Abstract - Tollman
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Abstract - Lawn
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Abstract - Beaglehole
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Primary Care Offers Lifeline to Global Health
FRIDAY, Sept. 12 (HealthDay News) -- Achieving the Millennium Development Goals requires a renewed commitment to primary health care, while training health care workers and developing meaningful measures of progress are of key importance, according to three papers published in the Sept. 13 issue of The Lancet, which has a special focus on the legacy of the 1978 International Conference on Primary Health Care in Alma-Ata.
Test Improves Sensitivity of Cervical Cancer Detection
THURSDAY, Sept. 11 (HealthDay News) -- Overexpression of a protein associated with viral infection and cell growth in women positive for human papillomavirus (HPV) can improve the sensitivity of cervical cancer detection compared with conventional cytology, according to the results of a study published online Sept. 9 in The Lancet Oncology.
No Reduction in Deaths After Flu Vaccine in Elderly
WEDNESDAY, Sept. 10 (HealthDay News) -- Influenza vaccination in the elderly does not reduce the likelihood of death outside flu season once other factors are taken into account, researchers report in the Sept. 1 issue of the American Journal of Respiratory and Critical Care Medicine.
HIV Infection Linked to More Fractures
FRIDAY, Sept. 5 (HealthDay News) -- HIV-infected patients have a higher prevalence of fracture at multiple sites compared with non-infected individuals, according to research published in the September issue of the Journal of Clinical Endocrinology & Metabolism.
Vaccination Coverage Remains High for US Children
FRIDAY, Sept. 5 (HealthDay News) -- Over 77 percent of young children in the United States are fully vaccinated according to the recommended series of vaccines, and all but one of the individual vaccines have at least 90 percent coverage, according to a report published in the Sept. 5 issue of the U.S. Centers for Disease Control and Prevention's Morbidity and Mortality Weekly Report.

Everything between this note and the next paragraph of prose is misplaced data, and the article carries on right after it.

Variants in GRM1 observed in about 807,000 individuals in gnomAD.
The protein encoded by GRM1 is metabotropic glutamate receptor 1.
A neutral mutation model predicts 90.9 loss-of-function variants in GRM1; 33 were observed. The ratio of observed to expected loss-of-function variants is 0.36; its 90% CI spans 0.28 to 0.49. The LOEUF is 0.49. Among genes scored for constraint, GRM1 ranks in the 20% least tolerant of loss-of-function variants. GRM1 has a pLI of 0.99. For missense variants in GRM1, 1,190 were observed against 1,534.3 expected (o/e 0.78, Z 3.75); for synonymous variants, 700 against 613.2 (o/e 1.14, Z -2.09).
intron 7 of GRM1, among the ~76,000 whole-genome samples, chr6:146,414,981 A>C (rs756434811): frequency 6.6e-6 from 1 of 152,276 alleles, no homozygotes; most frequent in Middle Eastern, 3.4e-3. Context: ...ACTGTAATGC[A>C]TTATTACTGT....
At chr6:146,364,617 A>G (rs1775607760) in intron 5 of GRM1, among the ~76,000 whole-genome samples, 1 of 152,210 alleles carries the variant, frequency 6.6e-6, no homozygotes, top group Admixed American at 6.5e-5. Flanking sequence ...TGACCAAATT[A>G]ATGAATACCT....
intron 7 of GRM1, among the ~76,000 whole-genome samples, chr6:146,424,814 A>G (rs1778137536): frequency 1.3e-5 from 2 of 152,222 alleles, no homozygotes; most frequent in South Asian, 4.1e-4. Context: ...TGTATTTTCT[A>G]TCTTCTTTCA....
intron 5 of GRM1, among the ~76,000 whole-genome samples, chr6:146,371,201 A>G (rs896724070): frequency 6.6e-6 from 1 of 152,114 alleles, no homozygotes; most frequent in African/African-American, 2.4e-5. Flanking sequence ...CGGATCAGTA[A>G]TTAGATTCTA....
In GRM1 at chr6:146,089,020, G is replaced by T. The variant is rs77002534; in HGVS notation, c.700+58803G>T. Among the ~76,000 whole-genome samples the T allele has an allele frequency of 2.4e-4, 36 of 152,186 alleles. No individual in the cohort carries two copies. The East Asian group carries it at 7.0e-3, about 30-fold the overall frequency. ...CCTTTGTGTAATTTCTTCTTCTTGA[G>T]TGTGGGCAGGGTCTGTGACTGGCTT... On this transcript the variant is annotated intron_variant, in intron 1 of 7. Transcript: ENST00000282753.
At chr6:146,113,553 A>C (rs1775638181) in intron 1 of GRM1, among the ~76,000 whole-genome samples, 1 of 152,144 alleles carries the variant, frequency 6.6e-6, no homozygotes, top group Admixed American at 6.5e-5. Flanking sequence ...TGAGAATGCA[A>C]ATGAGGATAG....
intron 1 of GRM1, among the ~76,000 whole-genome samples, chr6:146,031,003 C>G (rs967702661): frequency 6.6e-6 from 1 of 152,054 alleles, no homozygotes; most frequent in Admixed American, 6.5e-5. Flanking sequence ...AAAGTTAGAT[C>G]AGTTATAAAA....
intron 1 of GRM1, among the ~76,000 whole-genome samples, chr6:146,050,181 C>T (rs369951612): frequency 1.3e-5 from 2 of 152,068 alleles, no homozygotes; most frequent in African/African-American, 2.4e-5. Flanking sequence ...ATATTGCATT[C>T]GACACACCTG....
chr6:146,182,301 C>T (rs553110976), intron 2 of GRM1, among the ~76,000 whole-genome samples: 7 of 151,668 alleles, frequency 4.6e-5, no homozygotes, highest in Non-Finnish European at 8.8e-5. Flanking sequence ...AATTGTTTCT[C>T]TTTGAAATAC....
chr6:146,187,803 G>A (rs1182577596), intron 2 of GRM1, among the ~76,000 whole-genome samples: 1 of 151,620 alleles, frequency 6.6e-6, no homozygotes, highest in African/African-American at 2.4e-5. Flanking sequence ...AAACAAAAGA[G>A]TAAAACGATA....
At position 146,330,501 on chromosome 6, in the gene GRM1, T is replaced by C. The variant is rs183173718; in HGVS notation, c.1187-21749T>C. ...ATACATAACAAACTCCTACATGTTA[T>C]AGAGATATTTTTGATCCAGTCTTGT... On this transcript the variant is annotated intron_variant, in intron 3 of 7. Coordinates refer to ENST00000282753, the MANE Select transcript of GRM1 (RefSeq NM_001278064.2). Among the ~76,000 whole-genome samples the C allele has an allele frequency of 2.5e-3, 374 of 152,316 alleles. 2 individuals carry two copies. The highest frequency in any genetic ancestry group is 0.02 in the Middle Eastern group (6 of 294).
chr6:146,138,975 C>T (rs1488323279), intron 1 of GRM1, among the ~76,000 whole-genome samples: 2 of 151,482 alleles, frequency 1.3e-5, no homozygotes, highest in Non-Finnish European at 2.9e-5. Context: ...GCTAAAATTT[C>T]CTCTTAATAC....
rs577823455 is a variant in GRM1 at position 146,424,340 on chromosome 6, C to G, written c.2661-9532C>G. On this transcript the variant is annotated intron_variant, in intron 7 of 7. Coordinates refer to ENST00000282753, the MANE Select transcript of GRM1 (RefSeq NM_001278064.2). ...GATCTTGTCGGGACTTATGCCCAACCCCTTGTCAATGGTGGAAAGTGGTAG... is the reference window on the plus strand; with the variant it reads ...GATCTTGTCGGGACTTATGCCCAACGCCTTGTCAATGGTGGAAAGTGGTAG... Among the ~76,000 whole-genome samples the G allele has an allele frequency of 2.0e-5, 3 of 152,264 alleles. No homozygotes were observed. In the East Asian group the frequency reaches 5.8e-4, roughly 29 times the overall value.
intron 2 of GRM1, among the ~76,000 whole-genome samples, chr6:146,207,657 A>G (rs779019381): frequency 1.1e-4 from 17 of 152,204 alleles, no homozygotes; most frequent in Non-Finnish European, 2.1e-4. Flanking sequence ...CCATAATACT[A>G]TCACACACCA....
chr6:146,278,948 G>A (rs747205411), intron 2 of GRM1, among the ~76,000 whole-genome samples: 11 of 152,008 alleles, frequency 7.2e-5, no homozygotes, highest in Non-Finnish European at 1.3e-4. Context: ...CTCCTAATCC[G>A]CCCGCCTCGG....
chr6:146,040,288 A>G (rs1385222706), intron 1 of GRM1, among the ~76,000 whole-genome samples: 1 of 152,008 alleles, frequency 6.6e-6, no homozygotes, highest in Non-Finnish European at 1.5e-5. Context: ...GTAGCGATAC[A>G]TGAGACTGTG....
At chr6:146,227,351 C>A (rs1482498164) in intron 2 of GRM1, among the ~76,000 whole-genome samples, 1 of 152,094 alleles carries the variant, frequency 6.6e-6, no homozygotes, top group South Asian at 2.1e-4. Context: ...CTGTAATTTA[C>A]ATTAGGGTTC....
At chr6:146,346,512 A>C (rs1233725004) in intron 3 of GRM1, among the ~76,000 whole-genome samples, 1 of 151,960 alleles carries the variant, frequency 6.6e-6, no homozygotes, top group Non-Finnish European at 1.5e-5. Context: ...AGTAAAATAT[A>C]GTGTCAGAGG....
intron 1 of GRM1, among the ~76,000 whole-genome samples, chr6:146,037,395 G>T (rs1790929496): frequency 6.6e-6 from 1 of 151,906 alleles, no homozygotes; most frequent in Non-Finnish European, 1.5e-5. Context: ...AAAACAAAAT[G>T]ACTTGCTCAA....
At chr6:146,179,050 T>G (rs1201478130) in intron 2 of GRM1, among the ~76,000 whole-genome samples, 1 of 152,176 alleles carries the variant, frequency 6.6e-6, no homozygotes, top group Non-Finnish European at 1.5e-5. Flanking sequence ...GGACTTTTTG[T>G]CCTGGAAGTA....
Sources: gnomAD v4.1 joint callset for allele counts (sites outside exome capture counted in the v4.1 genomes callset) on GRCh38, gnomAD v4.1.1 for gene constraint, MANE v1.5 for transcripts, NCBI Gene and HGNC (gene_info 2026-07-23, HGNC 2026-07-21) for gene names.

Episodic HIV Antiretroviral Therapy Seen As Hazardous
THURSDAY, Sept. 4 (HealthDay News) -- Because HIV-positive patients who are placed on episodic antiretroviral therapy still have an excess risk of opportunistic disease or death after continuous therapy is reinstated, episodic therapy should be avoided, according to research published in the Sept. 2 issue of the Annals of Internal Medicine.
In Some Cases, Vaccination Needles May Be Too Long
THURSDAY, Sept. 4 (HealthDay News) -- The U.S. Centers for Disease Control and Prevention's recommended needle lengths for children's vaccinations pose a considerable risk for overpenetration, according to research in the September issue of Pediatrics.
ACOG: Clinicians Must Address Non-Coital Sex Risks
WEDNESDAY, Sept. 3 (HealthDay News) -- Because non-coital sex including mutual masturbation, oral sex and anal sex can increase the high risk of sexually transmitted diseases, it is important that clinicians ask direct questions about their patients' non-coital sexual activity and provide risk reduction counseling, according to an American College of Obstetricians and Gynecologists Committee Opinion published in the September issue of Obstetrics & Gynecology.
Human Papillomavirus Vaccine Linked to Anaphylaxis Risk
WEDNESDAY, Sept. 3 (HealthDay News) -- While the risk of anaphylaxis was higher in a human papillomavirus (HPV) vaccination program compared to a similar program for meningococcal vaccination, HPV vaccination is remarkably safe, according to an article published online Sept. 1 in CMAJ, the Canadian Medical Journal.